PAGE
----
It’s easy to be seduced by the sheer size of a 24-inch LCD screen—any display that big just looks like it means business. And there was a time when large LCD panels were almost exclusively high-performance parts. That’s no longer the case. As the 24-inch LCDs reviewed here demonstrate, large screens are just as varied and prone to flaws as their smaller counterparts.
Pink is our new obsession, and we have Western Digital to blame. Its pink, portable Passport hard drive (try saying that fast) is small enough to fit in Steven Tyler’s mouth, yet it comes with two of our most favorite features in the world: sweet speeds and snazzy backup software. And to top it off, you have to carry only a single USB cable alongside the little sweetheart, as there’s no accompanying power brick or annoying connector.
We were about to lead off this review with a Nelson Muntz-style “ha-ha” at Seagate, whose 750GB FreeAgent Pro has now fallen from the top of our external storage rankings thanks to Maxtor’s OneTouch 4. And then we remembered that Seagate now owns Maxtor. Whoops.
Microsoft, seeing the futility in polishing turds, went back to the drawing board to design the second rev of the Zune. (If only they’d do the same for Vista!) Fortunately for early adopters, many of the new features and desktop software will be made available for the first-gen Zune via a firmware update.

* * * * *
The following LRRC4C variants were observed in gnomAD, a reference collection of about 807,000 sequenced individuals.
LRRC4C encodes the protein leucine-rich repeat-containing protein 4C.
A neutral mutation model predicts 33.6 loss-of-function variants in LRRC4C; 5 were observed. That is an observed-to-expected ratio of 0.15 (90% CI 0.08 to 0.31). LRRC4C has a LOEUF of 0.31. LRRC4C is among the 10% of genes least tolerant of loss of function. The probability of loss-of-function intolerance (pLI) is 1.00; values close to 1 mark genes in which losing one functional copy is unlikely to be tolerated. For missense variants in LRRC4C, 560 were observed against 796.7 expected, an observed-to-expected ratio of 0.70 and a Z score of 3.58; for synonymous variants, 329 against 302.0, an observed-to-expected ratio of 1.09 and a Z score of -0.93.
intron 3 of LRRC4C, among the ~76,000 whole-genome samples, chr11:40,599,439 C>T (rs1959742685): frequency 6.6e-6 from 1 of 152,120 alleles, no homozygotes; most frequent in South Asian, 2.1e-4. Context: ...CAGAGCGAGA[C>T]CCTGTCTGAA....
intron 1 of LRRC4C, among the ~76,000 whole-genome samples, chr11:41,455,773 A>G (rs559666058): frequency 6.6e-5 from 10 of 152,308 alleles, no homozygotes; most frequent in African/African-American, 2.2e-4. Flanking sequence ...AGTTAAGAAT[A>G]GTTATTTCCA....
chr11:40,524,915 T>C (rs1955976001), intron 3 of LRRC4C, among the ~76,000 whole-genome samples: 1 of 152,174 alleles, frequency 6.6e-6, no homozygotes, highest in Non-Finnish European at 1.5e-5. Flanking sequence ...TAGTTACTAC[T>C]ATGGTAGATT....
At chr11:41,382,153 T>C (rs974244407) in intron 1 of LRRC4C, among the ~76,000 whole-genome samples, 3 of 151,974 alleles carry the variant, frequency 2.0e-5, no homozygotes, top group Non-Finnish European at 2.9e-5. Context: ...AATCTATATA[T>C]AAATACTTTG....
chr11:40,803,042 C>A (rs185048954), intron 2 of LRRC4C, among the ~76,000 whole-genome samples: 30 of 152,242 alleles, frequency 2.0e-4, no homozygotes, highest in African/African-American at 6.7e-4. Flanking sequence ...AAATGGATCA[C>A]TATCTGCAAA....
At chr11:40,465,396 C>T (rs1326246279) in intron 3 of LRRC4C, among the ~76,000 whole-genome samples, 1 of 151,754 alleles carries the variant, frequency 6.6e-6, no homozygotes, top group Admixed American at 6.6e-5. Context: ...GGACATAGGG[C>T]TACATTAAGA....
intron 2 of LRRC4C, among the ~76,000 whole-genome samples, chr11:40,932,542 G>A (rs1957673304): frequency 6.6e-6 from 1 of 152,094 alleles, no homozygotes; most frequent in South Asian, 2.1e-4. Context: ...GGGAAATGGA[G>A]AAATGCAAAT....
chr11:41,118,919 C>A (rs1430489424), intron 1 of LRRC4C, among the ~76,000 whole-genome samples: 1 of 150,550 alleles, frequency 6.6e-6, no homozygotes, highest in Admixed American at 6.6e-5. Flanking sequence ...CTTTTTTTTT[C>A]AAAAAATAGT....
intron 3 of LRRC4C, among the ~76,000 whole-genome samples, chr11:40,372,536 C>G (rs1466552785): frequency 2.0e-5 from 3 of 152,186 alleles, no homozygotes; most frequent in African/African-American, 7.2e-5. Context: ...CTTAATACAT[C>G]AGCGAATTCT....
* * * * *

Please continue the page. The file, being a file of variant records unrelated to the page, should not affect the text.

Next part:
There’s not a lot to say about Fabrik’s Simpletech Duo Pro Drive. That’s not for any lack of remarkableness or underperformance on the part of the device itself. It’s just as plain-Jane as a storage unit can get.
Sweet mercy, at first glance Koolance’s PC4-1025BK case seems like a perfect power-user box. Unfortunately, this water-cooling-enriched case is simply too small to contain certain enthusiast hardware and too complicated for the average user.
Our little hearts were ablaze with excitement when we busted open the chunky Buffalo TeraStation Live. And with good reason; on paper, the four-drive NAS device looked like it was going to be an easy winner–its two terabytes of total storage in a RAID-5 configuration made us smile.
As far as we’re concerned, the Blu-ray burner to beat these days is LG’s GGW-H20L1 (reviewed December 2007). Unfortunately for Sony, its BWU-200S isn’t the drive to do it. We pretty much knew this before we even began testing the drive—after all, the BWU-200S is rated for 4x Blu-ray write speeds compared to the LG’s 6x speed rating.